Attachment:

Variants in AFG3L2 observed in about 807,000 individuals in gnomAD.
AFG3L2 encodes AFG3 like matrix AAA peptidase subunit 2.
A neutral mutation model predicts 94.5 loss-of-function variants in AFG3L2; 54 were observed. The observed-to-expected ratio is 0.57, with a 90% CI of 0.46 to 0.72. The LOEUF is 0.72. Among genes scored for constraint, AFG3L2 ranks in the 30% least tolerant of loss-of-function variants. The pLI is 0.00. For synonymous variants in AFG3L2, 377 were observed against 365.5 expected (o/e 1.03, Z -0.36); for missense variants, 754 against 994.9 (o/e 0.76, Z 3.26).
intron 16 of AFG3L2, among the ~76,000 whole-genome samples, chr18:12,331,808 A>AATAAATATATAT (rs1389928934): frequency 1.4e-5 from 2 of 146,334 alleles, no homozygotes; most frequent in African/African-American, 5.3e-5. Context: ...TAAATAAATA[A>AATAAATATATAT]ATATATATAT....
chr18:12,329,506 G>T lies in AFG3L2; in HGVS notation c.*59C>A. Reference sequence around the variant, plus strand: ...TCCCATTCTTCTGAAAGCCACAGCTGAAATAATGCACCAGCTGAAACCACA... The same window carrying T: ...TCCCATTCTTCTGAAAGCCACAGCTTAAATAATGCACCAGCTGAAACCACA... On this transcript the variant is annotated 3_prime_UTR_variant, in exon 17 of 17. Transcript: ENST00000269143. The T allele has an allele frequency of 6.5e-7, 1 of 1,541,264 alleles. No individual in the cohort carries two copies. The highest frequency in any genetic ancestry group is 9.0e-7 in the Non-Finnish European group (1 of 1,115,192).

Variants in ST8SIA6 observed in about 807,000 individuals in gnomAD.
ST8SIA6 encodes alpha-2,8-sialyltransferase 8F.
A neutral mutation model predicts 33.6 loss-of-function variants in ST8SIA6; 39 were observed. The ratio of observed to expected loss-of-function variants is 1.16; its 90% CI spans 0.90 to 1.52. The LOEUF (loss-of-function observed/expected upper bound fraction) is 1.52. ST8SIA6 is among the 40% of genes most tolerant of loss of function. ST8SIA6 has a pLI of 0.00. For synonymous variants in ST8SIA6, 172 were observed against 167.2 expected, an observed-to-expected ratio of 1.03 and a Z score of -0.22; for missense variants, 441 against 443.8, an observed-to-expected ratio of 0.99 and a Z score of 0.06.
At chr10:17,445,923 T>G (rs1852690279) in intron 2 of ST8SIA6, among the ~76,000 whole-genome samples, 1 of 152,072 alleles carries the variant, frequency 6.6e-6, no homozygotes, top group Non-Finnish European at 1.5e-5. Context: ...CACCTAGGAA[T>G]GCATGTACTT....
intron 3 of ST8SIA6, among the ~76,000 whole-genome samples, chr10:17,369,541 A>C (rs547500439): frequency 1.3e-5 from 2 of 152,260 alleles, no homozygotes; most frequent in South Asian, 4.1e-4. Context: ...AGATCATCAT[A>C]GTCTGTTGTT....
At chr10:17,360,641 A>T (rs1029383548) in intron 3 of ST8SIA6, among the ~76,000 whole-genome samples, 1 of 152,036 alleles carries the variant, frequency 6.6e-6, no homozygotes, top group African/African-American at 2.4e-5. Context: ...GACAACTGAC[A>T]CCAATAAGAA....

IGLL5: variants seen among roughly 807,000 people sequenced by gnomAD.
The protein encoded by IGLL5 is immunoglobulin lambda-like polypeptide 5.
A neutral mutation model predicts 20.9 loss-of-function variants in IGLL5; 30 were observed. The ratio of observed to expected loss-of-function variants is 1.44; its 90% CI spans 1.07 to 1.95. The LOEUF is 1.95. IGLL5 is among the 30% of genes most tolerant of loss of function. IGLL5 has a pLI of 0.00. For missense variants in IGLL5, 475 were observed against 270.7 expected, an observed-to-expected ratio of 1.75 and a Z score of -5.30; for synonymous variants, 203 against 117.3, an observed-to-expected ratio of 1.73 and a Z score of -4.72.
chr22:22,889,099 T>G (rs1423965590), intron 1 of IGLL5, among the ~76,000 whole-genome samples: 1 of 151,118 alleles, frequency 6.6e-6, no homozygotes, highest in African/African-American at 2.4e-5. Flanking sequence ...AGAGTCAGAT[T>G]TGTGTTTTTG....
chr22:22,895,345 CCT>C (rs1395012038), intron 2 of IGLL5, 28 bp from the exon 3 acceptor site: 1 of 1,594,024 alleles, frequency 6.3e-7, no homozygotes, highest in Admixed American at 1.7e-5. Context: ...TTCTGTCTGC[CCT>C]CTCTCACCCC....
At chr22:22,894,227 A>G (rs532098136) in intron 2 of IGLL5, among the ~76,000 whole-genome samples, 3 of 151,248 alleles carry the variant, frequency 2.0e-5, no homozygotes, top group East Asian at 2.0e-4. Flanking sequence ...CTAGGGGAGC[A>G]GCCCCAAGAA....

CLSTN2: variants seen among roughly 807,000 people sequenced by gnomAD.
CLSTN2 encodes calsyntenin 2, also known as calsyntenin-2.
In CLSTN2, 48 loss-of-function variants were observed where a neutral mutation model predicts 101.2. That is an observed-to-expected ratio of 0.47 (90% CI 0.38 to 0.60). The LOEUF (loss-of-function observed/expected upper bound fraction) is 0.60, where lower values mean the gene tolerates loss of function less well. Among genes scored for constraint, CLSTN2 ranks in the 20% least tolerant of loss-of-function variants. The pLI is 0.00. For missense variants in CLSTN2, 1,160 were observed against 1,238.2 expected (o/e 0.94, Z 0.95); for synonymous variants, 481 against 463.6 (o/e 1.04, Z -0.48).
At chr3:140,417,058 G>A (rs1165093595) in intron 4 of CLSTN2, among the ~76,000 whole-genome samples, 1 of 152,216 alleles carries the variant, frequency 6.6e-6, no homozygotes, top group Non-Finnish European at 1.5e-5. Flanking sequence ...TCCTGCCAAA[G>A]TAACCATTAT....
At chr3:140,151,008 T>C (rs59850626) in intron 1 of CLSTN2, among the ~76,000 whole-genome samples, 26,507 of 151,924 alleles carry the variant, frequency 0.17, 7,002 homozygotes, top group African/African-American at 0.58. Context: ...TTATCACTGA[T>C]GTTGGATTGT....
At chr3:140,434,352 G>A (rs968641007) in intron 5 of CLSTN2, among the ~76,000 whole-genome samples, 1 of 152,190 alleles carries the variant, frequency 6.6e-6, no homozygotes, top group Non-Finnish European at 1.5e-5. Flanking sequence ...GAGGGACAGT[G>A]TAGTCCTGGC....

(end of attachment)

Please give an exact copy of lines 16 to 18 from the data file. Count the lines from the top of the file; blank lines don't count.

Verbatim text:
chr22:22,895,345 CCT>C (rs1395012038), intron 2 of IGLL5, 28 bp from the exon 3 acceptor site: 1 of 1,594,024 alleles, frequency 6.3e-7, no homozygotes, highest in Admixed American at 1.7e-5. Context: ...TTCTGTCTGC[CCT>C]CTCTCACCCC....
At chr22:22,894,227 A>G (rs532098136) in intron 2 of IGLL5, among the ~76,000 whole-genome samples, 3 of 151,248 alleles carry the variant, frequency 2.0e-5, no homozygotes, top group East Asian at 2.0e-4. Flanking sequence ...CTAGGGGAGC[A>G]GCCCCAAGAA....

CLSTN2: variants seen among roughly 807,000 people sequenced by gnomAD.